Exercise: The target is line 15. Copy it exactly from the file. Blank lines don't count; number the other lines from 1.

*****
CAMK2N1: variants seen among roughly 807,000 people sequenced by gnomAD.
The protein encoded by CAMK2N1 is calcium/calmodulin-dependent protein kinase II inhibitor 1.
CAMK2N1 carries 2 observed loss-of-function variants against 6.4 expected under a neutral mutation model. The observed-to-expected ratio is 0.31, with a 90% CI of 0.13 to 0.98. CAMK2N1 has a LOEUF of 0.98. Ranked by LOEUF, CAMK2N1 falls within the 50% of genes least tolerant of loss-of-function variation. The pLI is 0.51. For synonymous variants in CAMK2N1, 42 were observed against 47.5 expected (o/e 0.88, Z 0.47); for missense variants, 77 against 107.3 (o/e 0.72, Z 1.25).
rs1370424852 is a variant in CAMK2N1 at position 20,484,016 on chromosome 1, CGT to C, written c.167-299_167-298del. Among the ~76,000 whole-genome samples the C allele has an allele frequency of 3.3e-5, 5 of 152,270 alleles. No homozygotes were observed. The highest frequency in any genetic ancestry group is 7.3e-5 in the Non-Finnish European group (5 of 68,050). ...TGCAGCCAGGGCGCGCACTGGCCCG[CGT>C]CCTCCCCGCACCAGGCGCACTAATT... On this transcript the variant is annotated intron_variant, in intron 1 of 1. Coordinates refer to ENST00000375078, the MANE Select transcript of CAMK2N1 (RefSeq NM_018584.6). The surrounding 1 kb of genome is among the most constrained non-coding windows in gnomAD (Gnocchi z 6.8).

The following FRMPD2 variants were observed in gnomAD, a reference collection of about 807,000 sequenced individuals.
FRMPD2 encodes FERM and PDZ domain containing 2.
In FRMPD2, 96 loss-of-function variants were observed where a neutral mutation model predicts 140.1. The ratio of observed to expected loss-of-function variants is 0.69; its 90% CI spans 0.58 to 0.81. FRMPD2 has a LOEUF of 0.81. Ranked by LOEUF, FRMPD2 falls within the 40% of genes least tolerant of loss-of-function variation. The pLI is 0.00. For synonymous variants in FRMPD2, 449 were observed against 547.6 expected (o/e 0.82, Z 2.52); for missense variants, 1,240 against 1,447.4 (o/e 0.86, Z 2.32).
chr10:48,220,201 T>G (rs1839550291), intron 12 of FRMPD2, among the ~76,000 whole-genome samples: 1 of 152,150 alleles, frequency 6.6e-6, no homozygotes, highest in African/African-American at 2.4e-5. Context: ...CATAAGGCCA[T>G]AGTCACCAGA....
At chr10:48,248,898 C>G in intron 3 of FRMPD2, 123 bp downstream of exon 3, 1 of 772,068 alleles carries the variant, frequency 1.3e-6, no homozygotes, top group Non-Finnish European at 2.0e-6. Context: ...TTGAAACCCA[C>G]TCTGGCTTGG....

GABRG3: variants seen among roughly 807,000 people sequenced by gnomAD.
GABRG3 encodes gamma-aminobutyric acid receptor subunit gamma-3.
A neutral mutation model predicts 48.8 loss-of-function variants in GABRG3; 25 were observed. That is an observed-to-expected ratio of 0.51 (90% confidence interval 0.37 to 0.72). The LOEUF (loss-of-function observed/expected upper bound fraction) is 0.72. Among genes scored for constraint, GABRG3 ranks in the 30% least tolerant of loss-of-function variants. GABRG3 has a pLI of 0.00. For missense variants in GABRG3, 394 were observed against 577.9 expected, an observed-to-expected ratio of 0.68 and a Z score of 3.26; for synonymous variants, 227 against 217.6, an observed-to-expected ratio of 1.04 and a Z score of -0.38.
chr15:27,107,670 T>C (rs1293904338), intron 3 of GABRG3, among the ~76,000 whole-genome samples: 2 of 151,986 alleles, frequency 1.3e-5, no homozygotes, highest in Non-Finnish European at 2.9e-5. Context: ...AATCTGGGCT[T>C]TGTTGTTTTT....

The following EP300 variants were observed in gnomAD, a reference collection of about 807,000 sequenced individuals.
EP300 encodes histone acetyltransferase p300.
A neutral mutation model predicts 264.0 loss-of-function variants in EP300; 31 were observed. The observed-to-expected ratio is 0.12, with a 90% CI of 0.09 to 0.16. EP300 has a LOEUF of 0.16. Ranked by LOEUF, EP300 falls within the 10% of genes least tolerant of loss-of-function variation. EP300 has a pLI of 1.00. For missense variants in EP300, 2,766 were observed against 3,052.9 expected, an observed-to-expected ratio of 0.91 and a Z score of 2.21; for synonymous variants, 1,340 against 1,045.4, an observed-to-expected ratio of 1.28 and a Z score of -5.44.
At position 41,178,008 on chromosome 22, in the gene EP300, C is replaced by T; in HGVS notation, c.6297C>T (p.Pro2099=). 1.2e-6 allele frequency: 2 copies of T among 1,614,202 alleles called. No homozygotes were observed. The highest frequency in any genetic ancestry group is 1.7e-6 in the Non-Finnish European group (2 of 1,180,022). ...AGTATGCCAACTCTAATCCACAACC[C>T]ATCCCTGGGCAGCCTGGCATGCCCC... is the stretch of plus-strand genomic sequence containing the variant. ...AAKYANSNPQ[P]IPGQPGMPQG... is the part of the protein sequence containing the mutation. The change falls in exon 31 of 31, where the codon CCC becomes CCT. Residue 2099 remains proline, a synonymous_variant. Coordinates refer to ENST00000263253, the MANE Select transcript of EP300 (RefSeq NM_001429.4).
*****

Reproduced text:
EP300 encodes histone acetyltransferase p300.